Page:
Folk forests European style


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In 1111 the Prince Bishop of Trentino granted autonomy to the villagers of the Valley of Fiemme in the Italian Alps. In exchange for the villagers sending him 24 soldiers each year he allowed them to handle their own affairs. Ever since, the Magnifica Communita, a democratic local institution, has managed the valley’s forests and pastures, which belong collectively to its inhabitants. Today, although they stopped sending soldiers a long time ago, the Magnifica Communita owns its own modern sawmill and other forestry enterprises, and its operations have been certified under Forest Stewardship Council standards.

Of course, not all European forests are like the Valley of Fiemme. Few communally – owned forests remain. Even so, smallholders and communities play a major role in modern European forestry. "Communities and Forest Management in Western Europe", produced by Sally Jeanrenaud for the World Conservation Union (IUCN), documents that.

Twelve million European families own and manage forests, which average only 11 hectares in size. Such family-owned forests account for a large portion of the two-thirds of European forests that are privately-owned. In Finland, 70% of forest production comes from family-owned forests and in southern Sweden families own 80% of forestland. Over the last few decades, these family forests have undergone rapid change. Many owners moved to cities or now earn large portions of their incomes from off-farm activities. Recreational uses of forests have become more important. Still, Europe’s relatively equitable ownership of forest resources encourages broad participation in decisions about forests.

Many European small forest owners belong to organizations that provide information, training, and marketing services and represent their interests in policy discussions. Sometimes these associations have their own processing facilities. One association in Sweden, for example, has 33,000 members, who together own 1.7 million hectares of forest and produce ten million cubic meters of timber each year. The association’s members also own a wood-processing company that operates six sawmills and several other processing plants.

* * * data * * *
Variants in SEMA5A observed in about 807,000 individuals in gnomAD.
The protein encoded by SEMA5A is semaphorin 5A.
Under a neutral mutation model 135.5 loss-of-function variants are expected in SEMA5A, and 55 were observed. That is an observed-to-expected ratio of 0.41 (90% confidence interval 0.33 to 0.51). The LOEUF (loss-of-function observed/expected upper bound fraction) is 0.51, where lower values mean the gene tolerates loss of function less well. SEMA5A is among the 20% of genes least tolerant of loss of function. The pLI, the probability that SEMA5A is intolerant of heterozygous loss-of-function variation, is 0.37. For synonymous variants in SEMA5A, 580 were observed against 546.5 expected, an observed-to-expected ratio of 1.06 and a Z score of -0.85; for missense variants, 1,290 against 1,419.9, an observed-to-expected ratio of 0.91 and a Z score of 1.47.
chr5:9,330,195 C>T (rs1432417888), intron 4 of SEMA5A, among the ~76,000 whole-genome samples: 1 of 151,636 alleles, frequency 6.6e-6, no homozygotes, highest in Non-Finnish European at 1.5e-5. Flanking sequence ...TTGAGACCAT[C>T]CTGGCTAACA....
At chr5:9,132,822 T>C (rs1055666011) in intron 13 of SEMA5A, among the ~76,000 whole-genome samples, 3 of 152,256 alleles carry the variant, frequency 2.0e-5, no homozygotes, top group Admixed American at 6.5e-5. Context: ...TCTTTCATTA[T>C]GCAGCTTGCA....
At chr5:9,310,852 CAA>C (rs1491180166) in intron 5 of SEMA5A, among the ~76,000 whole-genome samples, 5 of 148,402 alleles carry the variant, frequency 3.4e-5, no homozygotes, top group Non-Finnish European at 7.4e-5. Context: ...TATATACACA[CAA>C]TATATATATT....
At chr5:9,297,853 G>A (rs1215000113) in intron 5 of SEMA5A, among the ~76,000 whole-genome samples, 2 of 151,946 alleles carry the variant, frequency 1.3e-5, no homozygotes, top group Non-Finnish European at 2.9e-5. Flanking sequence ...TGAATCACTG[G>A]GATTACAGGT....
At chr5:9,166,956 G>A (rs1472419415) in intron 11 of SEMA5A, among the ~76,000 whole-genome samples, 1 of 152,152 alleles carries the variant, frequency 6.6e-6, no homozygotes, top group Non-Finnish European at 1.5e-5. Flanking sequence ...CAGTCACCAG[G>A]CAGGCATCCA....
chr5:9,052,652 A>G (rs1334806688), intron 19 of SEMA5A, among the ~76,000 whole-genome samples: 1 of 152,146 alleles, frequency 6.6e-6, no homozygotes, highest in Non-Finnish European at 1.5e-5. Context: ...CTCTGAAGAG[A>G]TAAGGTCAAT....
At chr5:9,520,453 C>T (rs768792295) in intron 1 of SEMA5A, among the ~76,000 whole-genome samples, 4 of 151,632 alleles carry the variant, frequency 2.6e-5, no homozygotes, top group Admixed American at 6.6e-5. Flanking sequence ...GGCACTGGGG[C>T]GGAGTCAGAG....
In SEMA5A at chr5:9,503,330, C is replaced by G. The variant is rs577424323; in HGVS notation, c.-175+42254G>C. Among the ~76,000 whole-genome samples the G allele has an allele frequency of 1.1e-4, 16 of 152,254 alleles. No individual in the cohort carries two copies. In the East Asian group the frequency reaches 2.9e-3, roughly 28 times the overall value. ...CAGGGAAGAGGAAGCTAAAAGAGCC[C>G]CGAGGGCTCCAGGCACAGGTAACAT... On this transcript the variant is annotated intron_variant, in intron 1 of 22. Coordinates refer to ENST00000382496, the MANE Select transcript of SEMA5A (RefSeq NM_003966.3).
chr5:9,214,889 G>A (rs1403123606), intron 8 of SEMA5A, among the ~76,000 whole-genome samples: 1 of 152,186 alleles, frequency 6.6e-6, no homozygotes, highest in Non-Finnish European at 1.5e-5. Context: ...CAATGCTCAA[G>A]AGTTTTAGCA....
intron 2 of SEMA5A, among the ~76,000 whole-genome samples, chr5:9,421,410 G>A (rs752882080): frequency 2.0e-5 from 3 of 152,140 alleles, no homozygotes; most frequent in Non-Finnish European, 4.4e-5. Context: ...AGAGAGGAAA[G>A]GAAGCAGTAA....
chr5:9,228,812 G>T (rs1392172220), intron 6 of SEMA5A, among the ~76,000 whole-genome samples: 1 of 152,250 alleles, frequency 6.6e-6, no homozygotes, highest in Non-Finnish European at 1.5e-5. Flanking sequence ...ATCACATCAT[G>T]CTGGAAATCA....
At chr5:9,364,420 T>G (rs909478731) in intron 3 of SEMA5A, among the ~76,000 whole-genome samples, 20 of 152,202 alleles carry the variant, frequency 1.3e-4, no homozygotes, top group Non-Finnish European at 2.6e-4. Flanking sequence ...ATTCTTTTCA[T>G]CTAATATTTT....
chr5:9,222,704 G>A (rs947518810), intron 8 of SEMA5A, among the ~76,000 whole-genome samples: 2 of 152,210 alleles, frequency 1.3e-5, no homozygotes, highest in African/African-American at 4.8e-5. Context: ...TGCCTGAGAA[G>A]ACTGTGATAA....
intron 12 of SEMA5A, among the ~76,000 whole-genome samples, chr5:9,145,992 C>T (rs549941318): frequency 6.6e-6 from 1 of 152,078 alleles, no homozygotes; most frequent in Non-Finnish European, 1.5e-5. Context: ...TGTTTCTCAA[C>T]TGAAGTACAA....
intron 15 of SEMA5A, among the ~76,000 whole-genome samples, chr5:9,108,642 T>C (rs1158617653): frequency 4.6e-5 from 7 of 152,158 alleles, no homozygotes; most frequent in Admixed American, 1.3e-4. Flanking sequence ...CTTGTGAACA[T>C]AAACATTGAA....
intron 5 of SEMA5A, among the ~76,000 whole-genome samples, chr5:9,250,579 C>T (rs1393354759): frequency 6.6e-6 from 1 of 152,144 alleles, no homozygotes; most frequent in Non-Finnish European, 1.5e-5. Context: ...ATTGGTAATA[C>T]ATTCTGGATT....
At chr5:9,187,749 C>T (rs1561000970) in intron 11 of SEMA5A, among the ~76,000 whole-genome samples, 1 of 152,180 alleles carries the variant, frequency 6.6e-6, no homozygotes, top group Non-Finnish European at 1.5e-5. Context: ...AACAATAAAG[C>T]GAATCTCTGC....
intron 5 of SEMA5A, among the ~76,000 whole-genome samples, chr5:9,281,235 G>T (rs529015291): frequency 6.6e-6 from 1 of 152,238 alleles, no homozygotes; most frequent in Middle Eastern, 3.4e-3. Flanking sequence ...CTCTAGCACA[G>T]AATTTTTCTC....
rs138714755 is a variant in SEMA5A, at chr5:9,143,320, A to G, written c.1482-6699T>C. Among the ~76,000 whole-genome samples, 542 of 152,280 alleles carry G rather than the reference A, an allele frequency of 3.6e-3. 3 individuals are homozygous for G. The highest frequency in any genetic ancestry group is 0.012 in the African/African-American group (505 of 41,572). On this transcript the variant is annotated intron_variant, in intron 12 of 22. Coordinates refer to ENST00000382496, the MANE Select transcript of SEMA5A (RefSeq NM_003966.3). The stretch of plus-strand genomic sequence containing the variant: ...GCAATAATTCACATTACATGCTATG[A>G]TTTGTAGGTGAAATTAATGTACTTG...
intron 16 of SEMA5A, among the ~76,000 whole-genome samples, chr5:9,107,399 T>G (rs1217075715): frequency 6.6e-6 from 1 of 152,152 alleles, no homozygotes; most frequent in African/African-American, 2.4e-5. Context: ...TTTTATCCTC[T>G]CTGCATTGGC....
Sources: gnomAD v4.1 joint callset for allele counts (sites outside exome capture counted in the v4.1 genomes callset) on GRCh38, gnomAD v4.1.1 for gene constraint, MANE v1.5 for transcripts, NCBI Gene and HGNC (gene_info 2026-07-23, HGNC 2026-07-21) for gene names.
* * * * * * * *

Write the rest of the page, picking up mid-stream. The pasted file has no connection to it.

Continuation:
Local governments also own significant forest areas in Belgium, France, Portugal, Spain, and Switzerland. In France, for example, 11,000 local communes own 2.6 million hectares of forest and in 1995 those forests generated over half of all the income that came from publicly-owned forests. The Federation of French Forest Communes regularly presses national policy makers to take into account local interests. Jeanrenaud’s book also provides many examples where European governments are implementing participatory policy processes that allow greater input from a wide variety of local groups concerned with forests.

So there is nothing folkloric about getting the volk (common people) involved in forestry. It works in the Valley of Fiemme, in Sweden, and in many other places in Europe. Rather than some archaic remnant of the past, it may well be the model for the future.

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Further reading

To request a free electronic copy of the Jeanrenaud book in pdf format or to send comments to the author, you can write the IUCN Forest Conservation Program at

You can download the complete report the article draws from at:

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